Nokia is a Finnish city located in the province of Pirkanmaa. The city has a population of 34,294 and covers an area of 347.83 km², of which 59.53 km² are water bodies. The population density is 119 inhabitants / km². Nokia's neighboring municipalities are Hämeenkyrö, Pirkkala, Sastamala, Tampere, Vesilahti and Ylöjärvi. Nokia's coat of arms was designed by Gustaf von Numers and confirmed in 1951. Nokia is the second largest municipality in Pirkanmaa after Tampere.

Nokia is an industrial city and the starting point for some Finnish brands, the most famous of which are the former conglomerate and the current telecommunications company Nokia and the clothing manufacturer Nanso.



Nokia's landscape is dominated by Pyhäjärvi, Nokianvirta and Kulovesi. Pyhäjärvi is the central lake in the Kokemäenjoki watershed, where the waters of the Vanajavesi route join to the south and the Näsijärvi route to the north. Pyhäjärvi flows down the Nokianvirta, which flows in a deep gorge valley, into Kulovesi, where the waters of the Ikaalinen route from the northwest flow down to Siuronkoski. At the western border, Kulovesi also receives water from the direction of Mouhijärvi in ​​the Leukaluiden Strait and on the southern shore to the bottom of Sarkolanlahti, the Lanajoki River, which originates from the lakes in the western part of Vesilahti. The smaller lakes in the Nokia area are Vihnusjärvi, Kalliojärvi, Ylinenjärvi and Alinenjärvi to the north of the Nokianvirta and Lake Teernijärvi to the south.

The surface area of ​​the Nokia area is very variable and the terrain elevation differences are quite large in many places. The highest terrain in the city is on the cliff north of Lake Ruokejärvi (188 m above sea level). Until the 1970s, Kivipyykkivuori (163 m above sea level), located south of Kulovesi, was the confluence of the borders of Nokia, Suoniemi and Tottijärvi. The farmlands in the central and western parts of the city are concentrated in a narrow strip of water on the banks of the water. Nokia is part of the core area of ​​the Pirkkala grove center, but with the settlement, the groves have largely disappeared. The shoreline conditions in the Nokian stream were largely destroyed by rising water levels. In the remaining grove forests, among other things, elm and walnut bush grow.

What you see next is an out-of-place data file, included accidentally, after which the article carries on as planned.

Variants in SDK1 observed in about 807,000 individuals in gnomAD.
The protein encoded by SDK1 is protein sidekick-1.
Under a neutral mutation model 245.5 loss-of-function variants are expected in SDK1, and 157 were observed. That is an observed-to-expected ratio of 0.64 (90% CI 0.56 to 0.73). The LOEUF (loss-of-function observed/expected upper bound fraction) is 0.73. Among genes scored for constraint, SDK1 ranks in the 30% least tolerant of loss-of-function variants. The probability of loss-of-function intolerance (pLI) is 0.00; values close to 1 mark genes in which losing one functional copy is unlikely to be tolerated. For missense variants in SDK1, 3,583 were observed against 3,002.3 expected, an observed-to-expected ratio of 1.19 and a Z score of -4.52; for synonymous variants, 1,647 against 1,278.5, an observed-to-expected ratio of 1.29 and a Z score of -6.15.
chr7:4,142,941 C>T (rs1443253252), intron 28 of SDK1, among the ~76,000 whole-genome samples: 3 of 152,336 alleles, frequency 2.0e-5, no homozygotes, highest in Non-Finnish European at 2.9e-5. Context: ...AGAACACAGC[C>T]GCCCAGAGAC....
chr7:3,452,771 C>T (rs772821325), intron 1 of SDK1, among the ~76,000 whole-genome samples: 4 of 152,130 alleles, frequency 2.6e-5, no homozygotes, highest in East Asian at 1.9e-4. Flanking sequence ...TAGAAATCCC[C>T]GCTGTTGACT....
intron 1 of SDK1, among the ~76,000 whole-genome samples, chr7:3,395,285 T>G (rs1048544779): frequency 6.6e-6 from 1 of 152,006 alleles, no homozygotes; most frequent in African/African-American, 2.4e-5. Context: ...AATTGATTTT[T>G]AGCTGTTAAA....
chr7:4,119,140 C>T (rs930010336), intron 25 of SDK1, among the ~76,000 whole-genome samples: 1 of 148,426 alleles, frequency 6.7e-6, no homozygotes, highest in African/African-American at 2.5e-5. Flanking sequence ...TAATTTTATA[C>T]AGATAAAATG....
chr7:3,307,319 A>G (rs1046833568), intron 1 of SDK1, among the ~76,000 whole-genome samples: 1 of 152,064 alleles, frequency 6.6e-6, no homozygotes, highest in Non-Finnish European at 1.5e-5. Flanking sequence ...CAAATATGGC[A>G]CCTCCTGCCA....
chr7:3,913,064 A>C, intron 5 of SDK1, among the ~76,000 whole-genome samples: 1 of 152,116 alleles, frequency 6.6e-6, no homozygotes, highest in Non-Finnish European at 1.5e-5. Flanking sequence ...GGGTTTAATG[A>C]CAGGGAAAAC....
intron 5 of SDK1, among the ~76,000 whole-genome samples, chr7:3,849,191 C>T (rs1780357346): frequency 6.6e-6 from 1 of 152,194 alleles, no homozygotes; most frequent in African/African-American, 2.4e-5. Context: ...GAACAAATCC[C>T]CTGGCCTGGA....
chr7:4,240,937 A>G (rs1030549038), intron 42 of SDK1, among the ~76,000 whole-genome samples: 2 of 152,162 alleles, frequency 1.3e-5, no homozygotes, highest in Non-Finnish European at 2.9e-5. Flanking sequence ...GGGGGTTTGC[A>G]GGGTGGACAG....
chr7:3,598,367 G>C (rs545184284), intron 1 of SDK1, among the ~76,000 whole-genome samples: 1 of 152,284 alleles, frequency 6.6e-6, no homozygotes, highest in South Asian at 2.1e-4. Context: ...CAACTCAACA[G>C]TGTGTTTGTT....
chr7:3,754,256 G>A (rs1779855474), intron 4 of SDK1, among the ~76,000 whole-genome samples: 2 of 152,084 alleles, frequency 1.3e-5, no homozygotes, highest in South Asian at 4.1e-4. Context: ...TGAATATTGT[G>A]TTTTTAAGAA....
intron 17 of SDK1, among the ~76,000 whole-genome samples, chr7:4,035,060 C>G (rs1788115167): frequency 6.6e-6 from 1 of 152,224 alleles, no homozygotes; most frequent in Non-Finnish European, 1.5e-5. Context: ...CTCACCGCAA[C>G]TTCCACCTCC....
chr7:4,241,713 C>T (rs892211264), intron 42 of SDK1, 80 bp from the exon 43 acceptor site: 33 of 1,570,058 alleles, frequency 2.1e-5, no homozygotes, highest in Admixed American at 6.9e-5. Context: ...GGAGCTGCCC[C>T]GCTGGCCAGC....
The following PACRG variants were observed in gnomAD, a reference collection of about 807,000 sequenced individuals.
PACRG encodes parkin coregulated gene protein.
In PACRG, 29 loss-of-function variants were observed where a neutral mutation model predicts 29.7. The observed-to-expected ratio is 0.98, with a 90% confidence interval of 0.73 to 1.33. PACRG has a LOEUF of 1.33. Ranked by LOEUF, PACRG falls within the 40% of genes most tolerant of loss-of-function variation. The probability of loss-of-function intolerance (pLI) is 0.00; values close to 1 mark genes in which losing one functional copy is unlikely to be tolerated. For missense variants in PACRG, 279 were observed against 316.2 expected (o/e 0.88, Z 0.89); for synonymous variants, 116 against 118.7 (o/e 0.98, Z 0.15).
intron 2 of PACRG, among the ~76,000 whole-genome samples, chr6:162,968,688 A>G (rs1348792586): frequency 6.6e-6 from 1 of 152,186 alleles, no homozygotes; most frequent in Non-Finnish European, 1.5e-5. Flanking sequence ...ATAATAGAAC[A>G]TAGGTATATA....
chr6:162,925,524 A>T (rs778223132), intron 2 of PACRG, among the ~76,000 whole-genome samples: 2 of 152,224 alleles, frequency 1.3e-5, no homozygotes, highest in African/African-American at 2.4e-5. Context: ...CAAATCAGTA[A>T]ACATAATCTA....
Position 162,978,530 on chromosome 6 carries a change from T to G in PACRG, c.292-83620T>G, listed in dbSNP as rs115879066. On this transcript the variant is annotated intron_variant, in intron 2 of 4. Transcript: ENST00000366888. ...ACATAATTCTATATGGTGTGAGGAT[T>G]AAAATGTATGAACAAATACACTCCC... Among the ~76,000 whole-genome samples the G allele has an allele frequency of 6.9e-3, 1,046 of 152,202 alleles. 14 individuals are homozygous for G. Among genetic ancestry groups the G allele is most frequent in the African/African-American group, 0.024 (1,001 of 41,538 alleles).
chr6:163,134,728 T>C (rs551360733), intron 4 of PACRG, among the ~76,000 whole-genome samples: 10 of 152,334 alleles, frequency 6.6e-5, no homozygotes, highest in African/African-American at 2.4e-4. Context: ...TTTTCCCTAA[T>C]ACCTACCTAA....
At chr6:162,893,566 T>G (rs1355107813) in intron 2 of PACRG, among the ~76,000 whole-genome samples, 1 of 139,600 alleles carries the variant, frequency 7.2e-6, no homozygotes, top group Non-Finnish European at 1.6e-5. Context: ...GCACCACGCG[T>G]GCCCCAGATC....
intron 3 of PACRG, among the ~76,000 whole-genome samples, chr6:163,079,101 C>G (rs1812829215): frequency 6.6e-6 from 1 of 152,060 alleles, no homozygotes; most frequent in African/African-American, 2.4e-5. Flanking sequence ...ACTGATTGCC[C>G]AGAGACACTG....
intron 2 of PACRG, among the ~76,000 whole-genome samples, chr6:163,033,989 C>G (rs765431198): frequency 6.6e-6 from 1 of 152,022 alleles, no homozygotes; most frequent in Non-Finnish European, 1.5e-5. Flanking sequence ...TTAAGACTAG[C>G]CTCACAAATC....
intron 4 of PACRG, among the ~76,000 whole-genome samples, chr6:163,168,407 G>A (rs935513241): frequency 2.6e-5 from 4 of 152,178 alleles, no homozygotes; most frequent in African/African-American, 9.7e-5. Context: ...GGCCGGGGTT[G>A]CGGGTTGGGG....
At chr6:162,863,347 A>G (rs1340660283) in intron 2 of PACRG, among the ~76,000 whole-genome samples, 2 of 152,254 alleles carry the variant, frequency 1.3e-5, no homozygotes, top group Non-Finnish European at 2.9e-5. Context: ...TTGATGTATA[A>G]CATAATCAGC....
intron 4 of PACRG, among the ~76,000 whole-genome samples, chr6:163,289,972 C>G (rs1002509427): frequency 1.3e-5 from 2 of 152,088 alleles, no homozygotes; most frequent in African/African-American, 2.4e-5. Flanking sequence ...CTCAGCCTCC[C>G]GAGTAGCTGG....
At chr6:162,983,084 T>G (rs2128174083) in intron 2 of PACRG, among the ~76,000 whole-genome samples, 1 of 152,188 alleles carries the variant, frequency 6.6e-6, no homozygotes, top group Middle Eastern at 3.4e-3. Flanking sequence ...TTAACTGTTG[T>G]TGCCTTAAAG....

Occasional Stone Age artefacts have been found in the Nokia area, but permanent settlement was not established until the Iron Age. Several Iron Age cemeteries, the oldest of which date back to the beginning of the 5th century, have been found along the shores of the water body from Kulovesi to Pyhäjärvi. It has been concluded that the settlement has entered the Nokia area along the Kokemäenjoki River from its downstream direction. Siuro Castle Hill is one of the ancient castles along the Kokemäenjoki River. Emäkoski was the center of medieval Suur-Pirkkala.

During the Mallet War, at the turn of the year 1596–1597, Nokia was confronted by the blankets and nests led by Klaus Fleming and the peasants led by Jaakko Ilka (Battle of Nokia). A monument designed by Gabriel Engberg was erected on the battlefield in 1933.

Emäkoski was inaugurated in the 18th century, which created a lot more farmland in the area, but in the middle of the 19th century the rapids themselves still used only three small mills. Engineer Fredrik Idestam built a wood grinder, Nokia's first industrial plant, on the edge of the rapids in 1868. The wood grinder was transformed into a limited company in 1871, when it was renamed Nokia Oy. The company began producing paper in 1880, and in 1885 Finland's first sulphite pulp mill was built in connection with it. A sawmill, a mill and a brick factory also operate in connection with the factories. A decisive step forward for the factories was the completion of the Tampere-Pori railway in 1895; For Nokia Oy's own transports, the track had been opened until Tampere as early as 1893. Industrial activity intensified further when Suomen Gummitehdas Oy moved from Helsinki to Nokia in 1903. Kumitehdas began producing car tires in 1932 and manufacturing winter car tires in 1937, the first in the world. In 1921, Nokian Kutomo Oy (now Nanso Group Oy) began operations. In 1941, SOK's Nokia mill was completed.